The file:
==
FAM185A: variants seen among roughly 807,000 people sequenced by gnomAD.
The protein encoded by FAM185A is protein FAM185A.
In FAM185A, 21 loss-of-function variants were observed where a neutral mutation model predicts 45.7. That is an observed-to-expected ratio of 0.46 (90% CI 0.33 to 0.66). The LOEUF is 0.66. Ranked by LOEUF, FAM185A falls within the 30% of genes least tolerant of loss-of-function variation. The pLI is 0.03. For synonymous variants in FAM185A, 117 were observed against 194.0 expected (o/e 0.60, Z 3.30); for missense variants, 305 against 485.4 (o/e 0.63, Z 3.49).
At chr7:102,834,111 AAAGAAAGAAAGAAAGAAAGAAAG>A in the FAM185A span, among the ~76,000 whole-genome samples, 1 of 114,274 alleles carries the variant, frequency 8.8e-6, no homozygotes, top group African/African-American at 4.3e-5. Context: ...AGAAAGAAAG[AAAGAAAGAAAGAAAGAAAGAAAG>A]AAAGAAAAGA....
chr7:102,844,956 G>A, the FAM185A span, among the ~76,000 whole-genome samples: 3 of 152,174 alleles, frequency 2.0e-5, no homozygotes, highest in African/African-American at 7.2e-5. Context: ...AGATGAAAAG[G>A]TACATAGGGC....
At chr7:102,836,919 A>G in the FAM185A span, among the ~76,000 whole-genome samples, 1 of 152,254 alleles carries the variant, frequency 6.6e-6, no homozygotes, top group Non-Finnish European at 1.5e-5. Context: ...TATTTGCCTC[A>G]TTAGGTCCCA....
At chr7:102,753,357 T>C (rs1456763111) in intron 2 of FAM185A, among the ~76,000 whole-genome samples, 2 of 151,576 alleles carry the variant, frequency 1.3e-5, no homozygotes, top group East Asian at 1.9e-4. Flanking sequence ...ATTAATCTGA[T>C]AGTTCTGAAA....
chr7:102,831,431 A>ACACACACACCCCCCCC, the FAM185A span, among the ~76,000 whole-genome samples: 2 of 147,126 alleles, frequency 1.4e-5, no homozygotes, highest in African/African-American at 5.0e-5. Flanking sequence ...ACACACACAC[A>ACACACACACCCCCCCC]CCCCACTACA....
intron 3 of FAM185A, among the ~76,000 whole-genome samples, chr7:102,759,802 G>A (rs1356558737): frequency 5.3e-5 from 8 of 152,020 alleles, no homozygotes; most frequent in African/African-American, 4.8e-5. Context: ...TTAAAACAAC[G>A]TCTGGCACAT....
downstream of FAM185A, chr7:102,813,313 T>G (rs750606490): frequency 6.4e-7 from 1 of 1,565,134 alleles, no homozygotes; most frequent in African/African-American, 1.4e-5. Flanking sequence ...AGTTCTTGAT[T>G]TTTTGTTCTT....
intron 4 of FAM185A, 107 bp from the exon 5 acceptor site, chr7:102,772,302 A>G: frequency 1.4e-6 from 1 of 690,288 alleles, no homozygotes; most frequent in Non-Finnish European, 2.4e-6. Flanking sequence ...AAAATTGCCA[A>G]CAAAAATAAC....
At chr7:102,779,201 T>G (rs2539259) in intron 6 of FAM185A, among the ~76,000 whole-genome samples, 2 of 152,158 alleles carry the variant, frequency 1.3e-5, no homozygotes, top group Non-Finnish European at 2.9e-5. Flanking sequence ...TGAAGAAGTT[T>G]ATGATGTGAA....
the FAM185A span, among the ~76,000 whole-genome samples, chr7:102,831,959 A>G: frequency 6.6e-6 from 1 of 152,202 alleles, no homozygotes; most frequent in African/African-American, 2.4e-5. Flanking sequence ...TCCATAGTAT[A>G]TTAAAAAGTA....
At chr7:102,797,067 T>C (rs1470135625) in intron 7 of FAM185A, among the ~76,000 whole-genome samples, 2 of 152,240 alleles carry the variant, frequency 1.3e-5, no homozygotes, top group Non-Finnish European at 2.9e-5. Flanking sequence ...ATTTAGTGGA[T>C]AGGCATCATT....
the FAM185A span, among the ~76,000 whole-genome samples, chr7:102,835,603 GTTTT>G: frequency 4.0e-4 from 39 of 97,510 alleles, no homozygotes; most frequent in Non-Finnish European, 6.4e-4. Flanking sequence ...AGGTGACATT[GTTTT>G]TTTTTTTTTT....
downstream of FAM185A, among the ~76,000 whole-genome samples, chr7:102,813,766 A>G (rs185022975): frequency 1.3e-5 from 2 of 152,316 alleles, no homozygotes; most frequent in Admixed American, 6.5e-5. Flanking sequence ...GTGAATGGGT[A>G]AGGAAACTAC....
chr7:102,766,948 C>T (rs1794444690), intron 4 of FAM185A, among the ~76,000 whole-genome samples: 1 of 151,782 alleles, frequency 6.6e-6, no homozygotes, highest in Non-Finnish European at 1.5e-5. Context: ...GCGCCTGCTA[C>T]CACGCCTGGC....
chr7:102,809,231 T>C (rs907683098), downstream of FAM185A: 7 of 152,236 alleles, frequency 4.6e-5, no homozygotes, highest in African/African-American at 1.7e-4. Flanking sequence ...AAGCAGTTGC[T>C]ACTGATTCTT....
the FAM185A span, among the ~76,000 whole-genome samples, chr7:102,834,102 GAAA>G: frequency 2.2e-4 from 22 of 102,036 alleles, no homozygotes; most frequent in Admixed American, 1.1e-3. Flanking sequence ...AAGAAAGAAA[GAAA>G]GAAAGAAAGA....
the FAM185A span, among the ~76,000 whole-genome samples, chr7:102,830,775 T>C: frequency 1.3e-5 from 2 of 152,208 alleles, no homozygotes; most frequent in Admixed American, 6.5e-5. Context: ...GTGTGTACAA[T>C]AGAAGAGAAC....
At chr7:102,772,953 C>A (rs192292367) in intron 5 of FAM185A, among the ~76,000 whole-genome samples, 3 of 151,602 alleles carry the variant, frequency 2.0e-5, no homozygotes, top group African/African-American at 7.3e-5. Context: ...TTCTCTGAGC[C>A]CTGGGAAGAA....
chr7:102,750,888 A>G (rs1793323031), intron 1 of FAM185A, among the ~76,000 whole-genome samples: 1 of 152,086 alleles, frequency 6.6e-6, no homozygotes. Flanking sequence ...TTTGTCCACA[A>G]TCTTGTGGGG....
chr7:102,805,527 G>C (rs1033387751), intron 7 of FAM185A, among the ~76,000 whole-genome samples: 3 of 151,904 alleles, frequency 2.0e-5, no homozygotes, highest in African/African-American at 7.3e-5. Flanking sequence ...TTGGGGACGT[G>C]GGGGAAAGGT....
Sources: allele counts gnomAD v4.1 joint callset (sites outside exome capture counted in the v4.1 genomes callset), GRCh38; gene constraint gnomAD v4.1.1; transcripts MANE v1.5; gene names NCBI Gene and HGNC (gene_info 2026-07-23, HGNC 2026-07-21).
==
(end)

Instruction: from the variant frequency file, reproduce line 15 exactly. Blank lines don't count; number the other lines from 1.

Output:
the FAM185A span, among the ~76,000 whole-genome samples, chr7:102,835,603 GTTTT>G: frequency 4.0e-4 from 39 of 97,510 alleles, no homozygotes; most frequent in Non-Finnish European, 6.4e-4. Flanking sequence ...AGGTGACATT[GTTTT>G]TTTTTTTTTT....